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CROWLEY: That, of course, is the Republican chairman of the House Oversight and Government Reform Committee sharing his thoughts last week about the IRS scandal. I am joined now by the committee's top Democrat. He is Congressman Elijah Cummings of Maryland.
Congressman, I find myself in the same situation I was in last week with Congressman Issa and that is that you have provided me with excerpts from interviews that the committee has done and nobody will give me the whole transcript. What is the problem here with you giving me the whole transcript or Congressman Issa, because it does -- in the end it kind of becomes everybody's version of the truth.
CUMMINGS: Candy, I have asked Chairman Issa to release those transcripts to the public. I want every syllable of those transcripts to be released. He's the chairman. Now, I can tell you, I understand that he agreed to release them a week ago. And, I guess you still haven't gotten them based upon what you just said.
CROWLEY: I haven't, but don't you have them, too?
CUMMINGS: We have them, but again, let me be clear. I wrote Chairman Issa on Thursday and I wrote to him this morning, I want those transcripts to be released. But he's the chairman of the committee. We're not in power. Now, if he does not release them, I will. Period.
CUMMINGS: But again, I have to --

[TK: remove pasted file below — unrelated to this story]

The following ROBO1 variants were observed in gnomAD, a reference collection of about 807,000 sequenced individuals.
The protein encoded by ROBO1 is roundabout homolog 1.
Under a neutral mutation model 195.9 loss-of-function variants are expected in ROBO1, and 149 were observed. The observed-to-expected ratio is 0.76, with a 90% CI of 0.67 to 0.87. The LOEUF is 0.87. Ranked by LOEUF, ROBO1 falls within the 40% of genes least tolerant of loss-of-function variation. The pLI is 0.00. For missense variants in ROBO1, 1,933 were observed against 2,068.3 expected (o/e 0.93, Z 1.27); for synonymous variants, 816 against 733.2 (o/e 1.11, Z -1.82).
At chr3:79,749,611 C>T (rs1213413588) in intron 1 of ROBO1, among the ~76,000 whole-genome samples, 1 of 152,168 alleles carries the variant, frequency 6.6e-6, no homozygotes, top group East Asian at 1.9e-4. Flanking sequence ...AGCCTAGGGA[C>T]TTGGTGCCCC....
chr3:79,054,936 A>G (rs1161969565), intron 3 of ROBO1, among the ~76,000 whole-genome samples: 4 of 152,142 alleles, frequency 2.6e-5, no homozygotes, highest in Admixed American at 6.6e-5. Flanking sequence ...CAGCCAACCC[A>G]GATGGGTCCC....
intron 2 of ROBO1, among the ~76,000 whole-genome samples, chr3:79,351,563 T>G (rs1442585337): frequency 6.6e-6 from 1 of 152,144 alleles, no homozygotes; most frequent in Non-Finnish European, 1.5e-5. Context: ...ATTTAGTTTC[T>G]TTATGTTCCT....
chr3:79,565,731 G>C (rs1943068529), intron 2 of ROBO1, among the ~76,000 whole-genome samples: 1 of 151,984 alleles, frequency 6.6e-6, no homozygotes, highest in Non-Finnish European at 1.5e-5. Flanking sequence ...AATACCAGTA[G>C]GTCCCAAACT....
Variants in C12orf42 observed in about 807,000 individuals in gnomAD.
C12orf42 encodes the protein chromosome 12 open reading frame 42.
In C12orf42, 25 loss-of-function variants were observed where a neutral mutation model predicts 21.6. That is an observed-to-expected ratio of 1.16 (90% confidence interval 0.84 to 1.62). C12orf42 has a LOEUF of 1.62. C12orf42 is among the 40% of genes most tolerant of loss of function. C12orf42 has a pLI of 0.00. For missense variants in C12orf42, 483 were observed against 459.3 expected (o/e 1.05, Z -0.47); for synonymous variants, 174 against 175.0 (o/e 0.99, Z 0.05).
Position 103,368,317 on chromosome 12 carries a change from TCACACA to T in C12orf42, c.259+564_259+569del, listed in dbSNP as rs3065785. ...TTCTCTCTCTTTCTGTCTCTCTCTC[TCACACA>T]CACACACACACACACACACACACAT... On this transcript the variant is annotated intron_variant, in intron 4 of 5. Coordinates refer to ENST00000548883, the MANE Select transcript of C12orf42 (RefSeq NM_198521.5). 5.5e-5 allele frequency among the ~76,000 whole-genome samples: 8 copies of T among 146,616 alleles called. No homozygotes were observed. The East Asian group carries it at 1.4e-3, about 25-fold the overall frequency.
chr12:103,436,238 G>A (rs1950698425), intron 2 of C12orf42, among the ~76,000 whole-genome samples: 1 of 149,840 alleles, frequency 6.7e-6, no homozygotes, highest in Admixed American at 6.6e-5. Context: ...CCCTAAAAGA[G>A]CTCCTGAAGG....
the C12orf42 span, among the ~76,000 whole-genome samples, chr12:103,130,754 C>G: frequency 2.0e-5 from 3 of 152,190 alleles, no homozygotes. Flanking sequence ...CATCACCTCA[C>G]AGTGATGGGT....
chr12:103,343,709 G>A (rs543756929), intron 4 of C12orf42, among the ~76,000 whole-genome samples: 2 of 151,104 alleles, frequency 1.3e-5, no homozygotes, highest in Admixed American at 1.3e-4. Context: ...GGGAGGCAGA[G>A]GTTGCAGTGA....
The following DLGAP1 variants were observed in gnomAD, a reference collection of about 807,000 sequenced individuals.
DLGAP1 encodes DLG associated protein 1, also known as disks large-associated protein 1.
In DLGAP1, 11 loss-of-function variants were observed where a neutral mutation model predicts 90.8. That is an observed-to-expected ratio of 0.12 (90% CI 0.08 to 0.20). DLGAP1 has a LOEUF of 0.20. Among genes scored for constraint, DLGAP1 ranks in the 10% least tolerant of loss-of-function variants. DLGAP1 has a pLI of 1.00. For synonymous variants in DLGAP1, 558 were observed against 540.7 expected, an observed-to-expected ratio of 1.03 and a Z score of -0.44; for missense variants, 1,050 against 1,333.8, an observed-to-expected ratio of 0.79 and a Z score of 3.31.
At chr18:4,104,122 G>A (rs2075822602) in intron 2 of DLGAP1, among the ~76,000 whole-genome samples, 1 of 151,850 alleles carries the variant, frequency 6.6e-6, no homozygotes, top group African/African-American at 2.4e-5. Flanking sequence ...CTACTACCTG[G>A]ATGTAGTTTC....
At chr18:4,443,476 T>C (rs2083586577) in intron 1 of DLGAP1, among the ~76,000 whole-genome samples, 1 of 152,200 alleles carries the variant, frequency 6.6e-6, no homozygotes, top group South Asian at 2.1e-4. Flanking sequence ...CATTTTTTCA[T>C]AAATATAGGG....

CROWLEY: Can we have a deadline?
CUMMINGS: I'm sorry.
CROWLEY: Can we have some date by which we could get them do you think?
CUMMINGS: Well, I will talk to the chairman again. I've written him and begged him to release the transcripts. I want them released. The only thing I would say is I do want redactions of names of some people who are employees (ph), but other than that, I think every syllable should be released. And, I can tell you, I'm willing to come on your show next week with the chairman with the transcripts if he agrees to do that. But if he doesn't, I'll release them by the end of the week.
CROWLEY: All right. We will check-in with both of you then. Let me now put up for our audience with the caveat that these are parts of an interview that you all had released to us. And this is a Cincinnati IRS manager of the screening group. So, in other words, the folks that were picking out Tea Party applications for tax exempt status. This is their boss in Cincinnati and some of the Q&A with Congressional investigators.
Question, "in your opinion, was it decision to screen and centralized the review of Tea Party cases the targeting of the president's political enemies?" Answer, "I do not believe that the screening of these cases had anything to do other than consistency and identifying issues that needed to have further development."
Question, "Do you have any reason to believe that anyone in the White House was involved in the decision to screen Tea Party cases?" Answer, "I have no reason to believe that." In some ways, this is reminiscent to me of some of the things that Chairman Issa gave me, which is there's really not a way that this manager could know whether there was White House involvement. So, this is their opinion.
But we still haven't kind of gotten to the -- the crux of the problem here, which is who wrote the BOLO, be on the look out for, that said look for Tea -- you know, names of Tea Party or Patriot? Who wrote that?
CUMMINGS: OK. Let's back up first, Candy. One of the things you did not say just now is that this man was the manager of the Cincinnati group that reviewed the exemption process.